How Meetic Hires Software Engineers (part 2) : The Hiring Process

by Sebastien le gall, at 06 July 2023, category : Organization Management

In part 1 of this series about hiring, I described the key principles that drive our hiring process, as well as the competencies we evaluate and challenge. In a nutshell, our principles are:

  • We hunt for and hire T-shaped engineers
  • Our hiring process is short
  • We avoid biases
  • We prioritize system and software design over coding
  • We prioritize collaboration and self-organization over charisma and storytelling skills
  • We prioritize hiring engineers with the right mindset for the team: either tech-minded or product-minded people
  • We hire to minimize turnover
  • Whenever there is any doubt, there is no doubt

In this part, we'll take a deep dive into the hiring process. The goal is to give a concrete example of how we apply those principles. There are likely many ways to design an interview process that fits both our values and the needs of the company or organization. However, starting from something is often a good approach. The aim of this post is to inspire other tech leaders who may need to structure their approach to hiring and to help future Meetic applicants prepare for the interviews.

Overall, our hiring process consists of three interviews:

  • The first screening call
  • A technical and collaboration skills interview
  • A delivery management interview

Each step helps us gain a better understanding of how the applicant thinks, their previous experience, and their potential for growth at Meetic.

Interview #1 : The screen call

The initial stage of Meetic's hiring process involves a screening call with the People team. During this call, the applicant's background and previous experiences are briefly discussed, and a quick evaluation of their hard and soft skills fit is conducted. Additionally, the applicant's compensation expectations are discussed to ensure alignment with the company's standards and avoid investing time interviewing candidates who do not meet these expectations.

This step is also an opportunity for us to evaluate some basic soft skills such as communication, collaboration, and the ability to contribute to product thinking by demonstrating an interest in the product and the business.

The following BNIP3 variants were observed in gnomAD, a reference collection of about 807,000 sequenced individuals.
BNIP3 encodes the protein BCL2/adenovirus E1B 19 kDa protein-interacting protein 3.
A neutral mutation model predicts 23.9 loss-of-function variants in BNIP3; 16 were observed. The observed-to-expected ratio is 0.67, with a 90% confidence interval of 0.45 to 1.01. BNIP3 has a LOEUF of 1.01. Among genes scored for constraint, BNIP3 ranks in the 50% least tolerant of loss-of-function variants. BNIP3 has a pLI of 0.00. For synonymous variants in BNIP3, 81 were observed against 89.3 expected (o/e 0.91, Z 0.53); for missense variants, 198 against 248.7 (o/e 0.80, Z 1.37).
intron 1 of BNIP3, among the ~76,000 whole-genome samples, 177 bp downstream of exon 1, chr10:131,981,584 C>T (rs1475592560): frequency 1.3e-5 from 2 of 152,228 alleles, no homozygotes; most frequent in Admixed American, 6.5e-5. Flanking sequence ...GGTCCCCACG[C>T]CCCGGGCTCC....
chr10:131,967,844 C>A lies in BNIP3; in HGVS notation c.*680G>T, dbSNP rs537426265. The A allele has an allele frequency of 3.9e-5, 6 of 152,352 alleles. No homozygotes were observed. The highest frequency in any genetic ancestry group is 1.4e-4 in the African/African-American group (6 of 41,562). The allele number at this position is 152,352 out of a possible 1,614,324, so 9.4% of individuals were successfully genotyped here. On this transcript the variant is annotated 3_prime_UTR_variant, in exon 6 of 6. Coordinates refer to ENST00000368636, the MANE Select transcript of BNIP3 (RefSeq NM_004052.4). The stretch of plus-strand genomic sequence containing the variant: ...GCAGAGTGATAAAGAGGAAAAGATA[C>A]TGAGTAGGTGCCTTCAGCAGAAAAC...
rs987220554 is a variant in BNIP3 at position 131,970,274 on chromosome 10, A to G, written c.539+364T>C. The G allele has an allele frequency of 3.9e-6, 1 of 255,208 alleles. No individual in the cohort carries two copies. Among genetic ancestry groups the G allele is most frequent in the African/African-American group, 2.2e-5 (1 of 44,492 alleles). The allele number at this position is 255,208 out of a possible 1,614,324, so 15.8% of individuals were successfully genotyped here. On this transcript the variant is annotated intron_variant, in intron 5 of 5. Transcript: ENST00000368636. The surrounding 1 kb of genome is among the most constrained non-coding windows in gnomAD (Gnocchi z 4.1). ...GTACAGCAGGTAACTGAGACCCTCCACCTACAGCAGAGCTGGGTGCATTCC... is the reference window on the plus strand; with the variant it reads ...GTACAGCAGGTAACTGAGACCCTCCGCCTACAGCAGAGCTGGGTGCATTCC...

Interview #2 : Technical skills and collaboration evaluation

This step is conducted by a tech lead and the hiring engineering manager. The interview contains three parts.

Part 1: A 20-minutes presentation of Meetic

This includes who we are, what our business is, and how it works. We will also cover how we are organized, including our leadership, teams, who is responsible for what, and how people interact. Essentially, this presentation is a summary of what was described in the previous post about how Meetic works. But we also share an overview of our technical architecture and the technology we use in each piece of software.

We start by sharing how Meetic operates for two reasons. First, we assume that the interviewer has read the candidate's CV, which means that at this point, we know more about them than they know about us. I think it is important to maintain a balance of knowledge in the interview process so that people know as much about what they are getting into as we know about who is about to join us.

Part 2: A 20-minutes discussion about the engineer's previous experience

This section focuses on the applicant's past experiences. The Meetic presentation is a way to start the conversation.

Have you ever used such technologies? Did you ever work in such an environment? I see that you've worked in a Scrum team. How were you collaborating with the product owner?

While the CV and screen call provide some insight into the applicant's skills, it is during this discussion that we gain a deeper understanding of how they used technologies like ReactJS, PHP, or distributed computing with Spark. We seek to evaluate the applicant's level of understanding of these technologies and how they were involved in using them.

We also try to understand what is often not described on an engineer's CV: collaboration, ways of working, methodology, etc. This part is also dedicated to asking questions about the team the applicant was working with, how they work together, and what kind of product they were developing.

Part 3 : A 45-minutes system design exercice

The last and most important part of the interview assesses the candidate's system design skills. As mentioned earlier, we look for engineers who are proficient in design patterns and can conceptualize features with their team.

To evaluate this, we have designed a simple exercise: The product manager presents a feature to build (an actual feature we have already built). The engineer must design a technical solution to implement this feature.

During the design process, the engineer needs to demonstrate the following:

  • How they will organize their code into separate classes, namespaces, or modules
  • How the different parts of the code will communicate with each other